here are the 5 “anti-inflation” foods to always have in your kitchen


Since the health crisis and the inflationary context, the French have been worried about their purchasing power. In order to save money, you have to try to be strategic. Indeed, consumers can buy food that can be kept over time in order to anticipate possible price increases. We share with you the 5 products that have a good quality/price ratio and that you can buy in advance.

In times of crisis, some French people tend to stock up on food and put it aside in case of a hard blow. Given that inflation continues to rise and that certain products are in short supply, it is not easy to be reassured. So the trick may be to buy shelf-stable products right away to stock up and plan for the future. Discover in this article the 5 long-life products that offer you a good quality/price ratio and that will increase your purchasing power in the long term.

1/ Starch in sachets to protect purchasing power

To try to keep some purchasing power, you can stock up on certain starchy foods such as pasta, rice and quinoa… Indeed, these foodstuffs can be kept for many years, even after the date of minimum durability. (DMD). Bacteria cannot live there. The only thing that can change over time is the taste and appearance. However, the bag must remain closed. For example, you can put your starches in airtight boxes.

Moreover, the composition of pasta is interesting since they are made of starch, so they represent a good source of energy. On the other hand, they contain very little protein, less than 4%. Due to inflation, prices for “first price” sachets in shops have doubled, but they are still affordable. You will have to pay around 1.50 euro per kilo. Something to try to find alternative recipes to the traditional ham and shells…

Rice can be a bit more expensive. Indeed, you must count between 1.50 and 5 euros per kilo approximately. For information, it has a little more lipids and carbohydrates than pasta. Namely, whole grains are more expensive, but better for your health too. Indeed, they contain complex carbohydrates which are rich in fiber. For example, quinoa, the price of which ranges from 7 to 13 euros per kilo, contains much more protein than pasta and rice.

3/ A can of tuna in the holds

You necessarily have at least one can in your cupboards, that’s for sure. Whether it’s cans of tuna, mackerel, herring, anchovies, sardines… The latter can be kept for two years and it’s the way to have very nutritional foods on hand easily. Indeed, they provide many things, including proteins, lipids (Omega 3 DHA and EPA), minerals and trace elements (selenium, iron, zinc, iodine, etc.) and also vitamins (vitamin D, B12).

In addition, canned fish is two to three times less expensive than fresh products. For example, a tin can costs about 10 euros per kilo on average, or 1 euro for a portion of 100 g, while a fresh tuna will cost 3 euros. Even with inflation, the selling prices of these products remain attractive to retain some purchasing power. Indeed, these foods have experienced an increase of between 3 and 5% since the beginning of the year, but are still accessible. So that fresh products have suffered much more from the rise in prices over one year: + 12.1% between April 2021 and April 2022, according to figures from INSEE. In addition, the metal container can be completely recycled.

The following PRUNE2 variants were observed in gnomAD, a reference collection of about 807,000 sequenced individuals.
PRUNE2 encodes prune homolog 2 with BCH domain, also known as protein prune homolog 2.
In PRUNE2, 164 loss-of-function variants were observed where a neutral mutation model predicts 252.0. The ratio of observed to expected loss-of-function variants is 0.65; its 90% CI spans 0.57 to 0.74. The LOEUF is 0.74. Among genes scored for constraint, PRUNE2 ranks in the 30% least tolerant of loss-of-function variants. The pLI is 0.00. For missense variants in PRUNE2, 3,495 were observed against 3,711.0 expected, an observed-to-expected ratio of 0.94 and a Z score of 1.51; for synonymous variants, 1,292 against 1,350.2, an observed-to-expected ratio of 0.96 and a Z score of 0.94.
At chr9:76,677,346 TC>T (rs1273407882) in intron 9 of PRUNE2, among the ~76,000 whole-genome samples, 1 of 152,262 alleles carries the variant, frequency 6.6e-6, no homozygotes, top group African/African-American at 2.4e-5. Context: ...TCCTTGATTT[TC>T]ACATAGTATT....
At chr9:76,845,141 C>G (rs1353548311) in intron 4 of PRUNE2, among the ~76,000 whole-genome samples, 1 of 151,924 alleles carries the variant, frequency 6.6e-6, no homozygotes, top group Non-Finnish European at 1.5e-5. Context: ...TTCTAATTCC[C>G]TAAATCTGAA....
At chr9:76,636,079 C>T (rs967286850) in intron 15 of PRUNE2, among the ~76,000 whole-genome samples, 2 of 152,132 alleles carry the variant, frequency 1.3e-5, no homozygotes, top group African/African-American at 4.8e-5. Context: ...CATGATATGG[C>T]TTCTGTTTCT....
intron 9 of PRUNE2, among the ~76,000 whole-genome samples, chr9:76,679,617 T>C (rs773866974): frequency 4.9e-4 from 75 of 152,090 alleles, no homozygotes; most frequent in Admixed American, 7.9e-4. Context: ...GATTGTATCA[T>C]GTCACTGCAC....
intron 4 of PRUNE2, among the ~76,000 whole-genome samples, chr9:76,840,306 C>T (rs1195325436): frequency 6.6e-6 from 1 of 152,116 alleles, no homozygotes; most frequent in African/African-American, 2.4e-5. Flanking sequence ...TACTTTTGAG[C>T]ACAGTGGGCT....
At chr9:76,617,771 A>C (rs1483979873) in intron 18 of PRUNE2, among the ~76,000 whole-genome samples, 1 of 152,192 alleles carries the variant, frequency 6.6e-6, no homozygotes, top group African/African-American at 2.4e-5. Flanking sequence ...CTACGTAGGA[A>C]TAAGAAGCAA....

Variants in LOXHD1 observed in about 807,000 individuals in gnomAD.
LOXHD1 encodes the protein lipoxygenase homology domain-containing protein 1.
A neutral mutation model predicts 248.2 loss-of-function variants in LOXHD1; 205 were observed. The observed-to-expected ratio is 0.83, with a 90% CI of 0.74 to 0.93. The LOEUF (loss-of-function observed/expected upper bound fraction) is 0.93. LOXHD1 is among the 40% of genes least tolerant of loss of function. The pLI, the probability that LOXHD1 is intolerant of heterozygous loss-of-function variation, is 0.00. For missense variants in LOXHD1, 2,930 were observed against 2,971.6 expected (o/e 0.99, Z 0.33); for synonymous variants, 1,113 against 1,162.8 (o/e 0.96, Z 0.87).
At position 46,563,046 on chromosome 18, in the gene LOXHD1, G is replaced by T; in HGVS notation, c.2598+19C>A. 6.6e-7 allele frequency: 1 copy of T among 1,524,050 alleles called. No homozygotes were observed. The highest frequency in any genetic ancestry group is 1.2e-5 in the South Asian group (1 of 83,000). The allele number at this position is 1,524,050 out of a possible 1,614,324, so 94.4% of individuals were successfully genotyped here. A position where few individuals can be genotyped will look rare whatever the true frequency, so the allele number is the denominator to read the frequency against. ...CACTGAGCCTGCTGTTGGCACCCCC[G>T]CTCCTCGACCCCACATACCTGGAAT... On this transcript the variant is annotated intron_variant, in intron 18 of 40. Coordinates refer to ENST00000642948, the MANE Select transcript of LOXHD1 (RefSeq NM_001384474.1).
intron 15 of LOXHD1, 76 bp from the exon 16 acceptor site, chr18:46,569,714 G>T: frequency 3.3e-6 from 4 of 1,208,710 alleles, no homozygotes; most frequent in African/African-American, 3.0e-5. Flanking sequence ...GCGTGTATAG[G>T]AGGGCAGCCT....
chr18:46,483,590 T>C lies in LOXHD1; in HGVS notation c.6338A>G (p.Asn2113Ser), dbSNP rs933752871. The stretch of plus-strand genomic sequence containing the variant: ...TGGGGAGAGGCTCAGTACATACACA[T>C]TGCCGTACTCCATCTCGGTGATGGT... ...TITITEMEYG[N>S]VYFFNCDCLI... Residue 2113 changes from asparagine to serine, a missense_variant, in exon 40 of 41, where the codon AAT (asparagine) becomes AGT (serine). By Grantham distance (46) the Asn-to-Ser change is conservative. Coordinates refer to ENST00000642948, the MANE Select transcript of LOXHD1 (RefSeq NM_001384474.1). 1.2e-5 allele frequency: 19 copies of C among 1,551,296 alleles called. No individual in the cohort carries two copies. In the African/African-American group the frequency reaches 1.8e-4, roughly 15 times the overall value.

4/ Canned vegetables to eat vegetables without breaking the bank

As you have seen, fresh vegetables have seen their prices rise by +8.9% over one year and fresh fruit have increased by 4%, according to INSEE. A hell of a hole in the racket for our purchasing power. So people on low incomes no longer necessarily have the means to consume five fresh fruits and vegetables a day. In addition, they fear the perishable side and waste. So, the solution remains to switch to metal cans, because glass jars are more expensive. In addition, the advantage is that you can eat vegetables even if it is not the season.

In addition, be aware that, contrary to popular belief, canned vegetables have no preservatives or additives. Indeed, the boxes are airtight and sterilized with water, salt and occasionally sugar. You can even consume the juice that the vegetables are in. For example, peas or flageolets. Indeed, the liquid brings you good things for your health, like vitamins, minerals and even antioxidants. Thus, vegetables give you fiber and some of them, plant proteins that fill you up: lentils, chickpeas, white and red beans, flageolet beans…

4/ Canned fruit to maintain your purchasing power

In addition to canned vegetables, do not hesitate to opt for canned fruit, for your health and your purchasing power. Indeed, rumors indicate that they are too sweet, but that is not the case. Since 2019, liquids are no longer “syrups” and no longer need to respect a minimum sugar content. Therefore, manufacturers have reduced the level of sugar, which is almost the natural amount of fruit.

In addition, you can also turn to compotes. In addition, there are versions without added sugar or light. Unfortunately, its products are also subject to inflation and are victims of an increase of 5.9% over one year. In any case, a piece of advice, always look at the price per kilo.





Source- https://www.objeko.com/pouvoir-dachat-voici-les-5-aliments-anti-inflation-a-toujours-avoir-dans-votre-cuisine-1172517/